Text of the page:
The Mischievous Nerd's Guide to World Domination
Author: Stephen Oberauer

Chapter 89
Going global

As we grew and built more towns, we introduced more plans for letting people into the system. We had to keep a balance between the number of previously poor people and the number of doctors and other skilled people. So we let people in based on their qualifications and contributions and let in an equal number of poor people. Only the men who were desperate to get in had to have vasectomies. As for the others, we simply used Culture Club to encourage people not to have more than one child, and rather to adopt than have one’s own children. We also encouraged men to have vasectomies after they had enough children. The Culture Club brought families close together so that those who didn’t have children didn’t feel too left out, and the children who didn’t have siblings felt as if they did. We were able to keep the growth rate negative, which was all that we needed to feel in control.

Groups in other countries also wanted to build towns like the ones that we were building, and so new towns emerged around the world. We supported them by sharing our finances, equipment and experience.

The two hour a day work rule quickly disappeared. It was quite interesting to find out that, when we had the two hour rule, most people would only work for two hours a day, and some would resent having to work. When we removed that rule, many people worked full days simply because they enjoyed what they were doing.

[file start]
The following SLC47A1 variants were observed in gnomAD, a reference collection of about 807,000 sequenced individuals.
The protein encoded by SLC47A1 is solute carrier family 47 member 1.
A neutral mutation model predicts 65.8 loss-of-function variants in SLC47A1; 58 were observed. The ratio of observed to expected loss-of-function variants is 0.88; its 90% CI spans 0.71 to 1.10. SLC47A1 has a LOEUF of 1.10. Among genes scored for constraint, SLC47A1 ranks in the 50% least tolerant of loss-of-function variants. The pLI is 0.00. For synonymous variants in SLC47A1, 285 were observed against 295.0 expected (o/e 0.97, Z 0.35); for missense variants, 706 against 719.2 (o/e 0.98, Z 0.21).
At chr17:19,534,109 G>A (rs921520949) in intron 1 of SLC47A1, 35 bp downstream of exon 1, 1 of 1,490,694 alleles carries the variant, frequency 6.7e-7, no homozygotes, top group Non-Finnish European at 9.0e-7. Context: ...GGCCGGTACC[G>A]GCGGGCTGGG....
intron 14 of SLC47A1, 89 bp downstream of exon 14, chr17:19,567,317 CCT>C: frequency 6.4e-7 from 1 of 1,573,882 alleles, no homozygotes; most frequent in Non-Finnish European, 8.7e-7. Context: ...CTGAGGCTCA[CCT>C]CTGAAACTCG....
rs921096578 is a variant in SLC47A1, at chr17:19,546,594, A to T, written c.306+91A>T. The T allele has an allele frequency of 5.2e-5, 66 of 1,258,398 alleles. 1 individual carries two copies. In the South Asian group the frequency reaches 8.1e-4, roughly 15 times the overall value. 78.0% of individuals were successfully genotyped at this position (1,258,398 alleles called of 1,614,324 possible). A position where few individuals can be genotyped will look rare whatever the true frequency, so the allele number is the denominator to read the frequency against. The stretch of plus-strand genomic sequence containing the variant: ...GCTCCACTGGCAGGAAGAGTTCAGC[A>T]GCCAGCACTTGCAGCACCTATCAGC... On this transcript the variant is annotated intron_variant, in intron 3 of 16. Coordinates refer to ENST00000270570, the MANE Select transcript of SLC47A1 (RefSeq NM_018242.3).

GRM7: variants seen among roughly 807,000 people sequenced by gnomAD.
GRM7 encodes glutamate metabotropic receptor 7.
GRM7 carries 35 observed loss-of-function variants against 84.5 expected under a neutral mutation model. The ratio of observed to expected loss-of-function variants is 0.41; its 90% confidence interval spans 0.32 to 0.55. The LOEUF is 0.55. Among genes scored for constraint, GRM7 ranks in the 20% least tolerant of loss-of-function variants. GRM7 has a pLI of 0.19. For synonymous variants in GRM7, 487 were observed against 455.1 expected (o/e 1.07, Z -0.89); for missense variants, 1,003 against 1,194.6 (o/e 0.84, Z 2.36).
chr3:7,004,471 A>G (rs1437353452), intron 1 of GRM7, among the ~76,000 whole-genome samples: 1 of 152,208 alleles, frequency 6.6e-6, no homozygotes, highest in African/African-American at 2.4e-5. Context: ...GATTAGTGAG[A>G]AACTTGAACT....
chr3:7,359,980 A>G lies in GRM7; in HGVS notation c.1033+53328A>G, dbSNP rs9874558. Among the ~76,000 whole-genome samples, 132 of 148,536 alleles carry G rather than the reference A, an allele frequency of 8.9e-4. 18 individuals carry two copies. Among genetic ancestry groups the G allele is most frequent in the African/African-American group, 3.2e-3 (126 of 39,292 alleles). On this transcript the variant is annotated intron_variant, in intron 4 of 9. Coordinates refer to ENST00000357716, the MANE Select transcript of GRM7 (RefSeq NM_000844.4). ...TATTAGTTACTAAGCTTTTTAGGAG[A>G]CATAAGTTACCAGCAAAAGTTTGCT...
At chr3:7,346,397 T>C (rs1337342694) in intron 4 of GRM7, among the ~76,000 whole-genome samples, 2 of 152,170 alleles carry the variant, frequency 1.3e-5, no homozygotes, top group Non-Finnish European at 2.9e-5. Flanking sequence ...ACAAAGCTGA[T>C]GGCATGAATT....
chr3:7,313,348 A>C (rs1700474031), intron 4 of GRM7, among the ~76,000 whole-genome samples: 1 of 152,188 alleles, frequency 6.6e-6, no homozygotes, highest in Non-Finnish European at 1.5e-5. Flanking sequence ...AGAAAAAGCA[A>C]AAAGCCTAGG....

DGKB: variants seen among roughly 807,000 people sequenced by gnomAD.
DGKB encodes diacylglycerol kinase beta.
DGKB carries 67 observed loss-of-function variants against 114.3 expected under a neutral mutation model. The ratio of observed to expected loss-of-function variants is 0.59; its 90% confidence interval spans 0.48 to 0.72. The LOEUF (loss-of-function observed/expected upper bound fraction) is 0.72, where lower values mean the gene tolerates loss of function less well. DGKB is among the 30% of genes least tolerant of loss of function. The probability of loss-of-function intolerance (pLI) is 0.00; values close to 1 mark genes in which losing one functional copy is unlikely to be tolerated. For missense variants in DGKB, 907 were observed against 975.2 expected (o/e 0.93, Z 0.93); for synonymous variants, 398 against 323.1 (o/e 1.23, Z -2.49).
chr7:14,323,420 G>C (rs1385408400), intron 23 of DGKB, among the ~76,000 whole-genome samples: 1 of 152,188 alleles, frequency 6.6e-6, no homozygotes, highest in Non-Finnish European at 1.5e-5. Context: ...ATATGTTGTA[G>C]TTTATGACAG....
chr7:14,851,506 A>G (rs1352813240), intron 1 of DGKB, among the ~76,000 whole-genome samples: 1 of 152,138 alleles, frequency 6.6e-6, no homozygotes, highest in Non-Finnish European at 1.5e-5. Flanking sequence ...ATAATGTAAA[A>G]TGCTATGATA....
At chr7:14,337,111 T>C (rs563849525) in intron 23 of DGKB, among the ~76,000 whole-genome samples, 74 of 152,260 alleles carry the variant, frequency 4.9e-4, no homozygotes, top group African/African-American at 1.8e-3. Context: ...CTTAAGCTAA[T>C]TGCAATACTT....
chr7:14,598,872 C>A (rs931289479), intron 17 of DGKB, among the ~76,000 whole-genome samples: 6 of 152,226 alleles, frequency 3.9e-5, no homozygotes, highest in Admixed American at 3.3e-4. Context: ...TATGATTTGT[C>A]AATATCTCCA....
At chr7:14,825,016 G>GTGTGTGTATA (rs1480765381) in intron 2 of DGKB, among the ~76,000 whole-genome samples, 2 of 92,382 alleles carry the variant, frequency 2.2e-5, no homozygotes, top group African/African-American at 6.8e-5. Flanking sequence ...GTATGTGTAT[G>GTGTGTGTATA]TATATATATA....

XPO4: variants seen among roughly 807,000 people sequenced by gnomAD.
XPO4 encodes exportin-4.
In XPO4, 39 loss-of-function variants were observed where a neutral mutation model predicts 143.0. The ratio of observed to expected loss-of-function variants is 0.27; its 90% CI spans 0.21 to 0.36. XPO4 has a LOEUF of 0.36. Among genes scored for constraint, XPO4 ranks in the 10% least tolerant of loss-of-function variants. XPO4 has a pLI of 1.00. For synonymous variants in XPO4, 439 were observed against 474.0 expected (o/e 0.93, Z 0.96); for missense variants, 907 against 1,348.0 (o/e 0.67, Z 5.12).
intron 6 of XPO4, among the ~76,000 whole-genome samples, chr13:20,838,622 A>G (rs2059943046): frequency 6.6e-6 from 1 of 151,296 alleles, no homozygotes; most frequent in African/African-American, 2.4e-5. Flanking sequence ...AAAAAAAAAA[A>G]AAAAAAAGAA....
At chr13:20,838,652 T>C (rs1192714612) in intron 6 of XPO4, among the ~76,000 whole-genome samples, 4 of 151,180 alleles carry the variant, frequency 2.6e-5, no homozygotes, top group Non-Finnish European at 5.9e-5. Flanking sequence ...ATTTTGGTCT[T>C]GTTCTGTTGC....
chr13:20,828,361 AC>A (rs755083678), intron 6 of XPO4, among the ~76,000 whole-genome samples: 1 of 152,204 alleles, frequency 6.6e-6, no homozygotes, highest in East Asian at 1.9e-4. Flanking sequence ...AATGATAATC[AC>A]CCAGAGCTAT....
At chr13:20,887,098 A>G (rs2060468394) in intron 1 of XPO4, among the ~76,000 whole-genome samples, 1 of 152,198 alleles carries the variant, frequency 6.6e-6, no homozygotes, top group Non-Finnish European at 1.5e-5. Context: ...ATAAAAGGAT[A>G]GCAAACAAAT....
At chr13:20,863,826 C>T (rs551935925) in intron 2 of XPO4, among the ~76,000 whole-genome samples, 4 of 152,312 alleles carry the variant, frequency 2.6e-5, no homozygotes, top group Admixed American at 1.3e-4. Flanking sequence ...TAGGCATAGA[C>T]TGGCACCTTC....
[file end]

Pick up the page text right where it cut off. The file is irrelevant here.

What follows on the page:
Our system grew exponentially. Every time a city was built a new factory became available to build houses in new cities. By 2021 the whole of South Africa belonged to us, and eleven years later, in 2032, the entire world was part of the new system. Every appliance, machine and vehicle was being built by us. With the patience and care that was taken in building them, they were estimated to last between ten and twenty times longer than before, but we couldn’t really tell, because most of them had not needed any maintenance yet.

Having 6 billion people working together on the same projects does help move technology along quickly. By 2038 nearly everything that could be automated was automated. We even had machines performing complex medical operations.

People used to ask me, ‘What do you do when there’s no more work to be done?’

It’s an easy question to answer, ‘You do whatever you want to.’


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